The potential impact of meteoroids on the debris population

One of the principal challenges associated with predicting the future debris population is modelling hypervelocity collisions accurately. We assume that higher closing velocities result in more fragments with smaller sizes; but how many more?

One of the principal challenges associated with predicting the future debris population is modelling hypervelocity collisions accurately. We assume that higher closing velocities result in more fragments with smaller sizes; but how many more?

Two objects in low Earth orbit, (LEO), at an altitude of 500 km, colliding head-on have a closing velocity of about 15.2 km/s. This isn’t the worst that man-made objects can do, however. Satellites in highly elliptical orbits, (Geostationary transfer orbit and Molniya) have perigee velocities close to 10 km/s. A head-on collision between two such objects, albeit unlikely, would involve 75% more kinetic energy than a LEO-LEO collision.

But the Earth’s orbital population is not a closed system. The occasional passing meteorite could, if we are unfortunate, collide with one of the debris objects in Earth orbit. Since meteorites can have velocities of 30 km/s, the energies involved in such collisions could be significantly greater than a LEO-LEO collision.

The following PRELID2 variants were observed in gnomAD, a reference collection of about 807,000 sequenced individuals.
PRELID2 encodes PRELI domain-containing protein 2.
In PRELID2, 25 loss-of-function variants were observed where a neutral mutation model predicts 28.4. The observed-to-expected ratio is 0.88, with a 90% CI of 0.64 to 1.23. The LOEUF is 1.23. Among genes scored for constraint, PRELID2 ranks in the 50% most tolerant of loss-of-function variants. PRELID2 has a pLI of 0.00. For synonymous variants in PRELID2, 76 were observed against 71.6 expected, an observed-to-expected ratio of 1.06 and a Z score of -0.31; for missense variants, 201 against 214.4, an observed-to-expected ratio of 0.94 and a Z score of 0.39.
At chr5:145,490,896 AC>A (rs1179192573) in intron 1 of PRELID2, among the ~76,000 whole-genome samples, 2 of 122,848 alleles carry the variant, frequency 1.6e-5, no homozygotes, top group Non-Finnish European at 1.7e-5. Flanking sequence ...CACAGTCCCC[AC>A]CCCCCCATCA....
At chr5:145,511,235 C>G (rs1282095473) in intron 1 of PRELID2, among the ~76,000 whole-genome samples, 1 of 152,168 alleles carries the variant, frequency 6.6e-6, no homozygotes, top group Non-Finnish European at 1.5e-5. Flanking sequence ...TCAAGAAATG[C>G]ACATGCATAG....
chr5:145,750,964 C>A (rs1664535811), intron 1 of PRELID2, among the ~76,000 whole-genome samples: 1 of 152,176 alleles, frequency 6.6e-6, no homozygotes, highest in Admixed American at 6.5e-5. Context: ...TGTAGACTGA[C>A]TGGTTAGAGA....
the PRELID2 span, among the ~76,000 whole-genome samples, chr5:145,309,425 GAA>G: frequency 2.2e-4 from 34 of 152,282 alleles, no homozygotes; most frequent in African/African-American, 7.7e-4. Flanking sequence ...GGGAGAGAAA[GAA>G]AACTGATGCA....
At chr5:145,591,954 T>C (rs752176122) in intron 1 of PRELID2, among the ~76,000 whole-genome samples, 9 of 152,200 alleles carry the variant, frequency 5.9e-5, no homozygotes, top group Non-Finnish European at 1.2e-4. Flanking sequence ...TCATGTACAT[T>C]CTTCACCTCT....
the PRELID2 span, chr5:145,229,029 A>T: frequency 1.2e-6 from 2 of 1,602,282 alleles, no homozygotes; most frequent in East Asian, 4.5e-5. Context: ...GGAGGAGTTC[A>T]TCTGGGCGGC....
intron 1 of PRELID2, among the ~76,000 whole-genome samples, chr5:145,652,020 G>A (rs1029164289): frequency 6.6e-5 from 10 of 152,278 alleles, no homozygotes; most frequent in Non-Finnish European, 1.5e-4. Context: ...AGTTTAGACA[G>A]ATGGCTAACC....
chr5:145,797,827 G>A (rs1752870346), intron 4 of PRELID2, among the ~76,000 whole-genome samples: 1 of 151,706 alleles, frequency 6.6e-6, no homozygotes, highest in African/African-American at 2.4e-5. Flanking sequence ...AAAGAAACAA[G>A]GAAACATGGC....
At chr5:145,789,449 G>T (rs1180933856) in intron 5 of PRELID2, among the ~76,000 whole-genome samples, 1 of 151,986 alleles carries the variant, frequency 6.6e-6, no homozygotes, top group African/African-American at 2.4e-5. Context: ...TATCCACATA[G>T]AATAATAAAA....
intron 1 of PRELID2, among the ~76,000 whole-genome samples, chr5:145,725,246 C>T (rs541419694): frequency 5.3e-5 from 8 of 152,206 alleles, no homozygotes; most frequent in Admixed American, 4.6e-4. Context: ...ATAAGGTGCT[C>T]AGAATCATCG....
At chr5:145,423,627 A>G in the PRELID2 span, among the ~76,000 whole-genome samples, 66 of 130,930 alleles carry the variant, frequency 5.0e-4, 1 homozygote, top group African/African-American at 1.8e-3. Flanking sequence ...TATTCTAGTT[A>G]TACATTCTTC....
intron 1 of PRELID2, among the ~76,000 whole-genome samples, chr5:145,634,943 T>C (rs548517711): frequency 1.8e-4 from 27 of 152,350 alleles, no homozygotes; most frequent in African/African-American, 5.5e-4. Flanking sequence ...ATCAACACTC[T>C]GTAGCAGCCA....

The scenario that results depends on the size, composition and trajectory of the meteorite, but in the case of the unfortunate piece of space debris, the word “smithereens” is likely to be appropriate.

Initially, this sort of intervention from the Solar System might seem extremely unhelpful to the debris population, but surprisingly, this may not be the case.

The lifetime of satellite-sized objects in LEO is typically many decades, but for mm-sized fragments, the time spent in Earth orbit is much shorter, perhaps as little as weeks. The process at work here is that solar radiation pressure can make the orbits of small fragments significantly eccentric, allowing atmospheric drag at the perigee to shorten the lifetime.

What we need to know, therefore, is the flux of meteoritic material and its collision probability. Answers to these questions may be provided by space-based IR sensors which can observe thermal events in the Earth’s upper atmosphere as the incoming objects burn up.

Obviously, objects that are not in Earth orbit will spend far less time in the densely populated bands between 700 km and 1000 km, but there can on occasion be many, many such objects, as this woodcut of the 1833 Leonid meteor shower shows.

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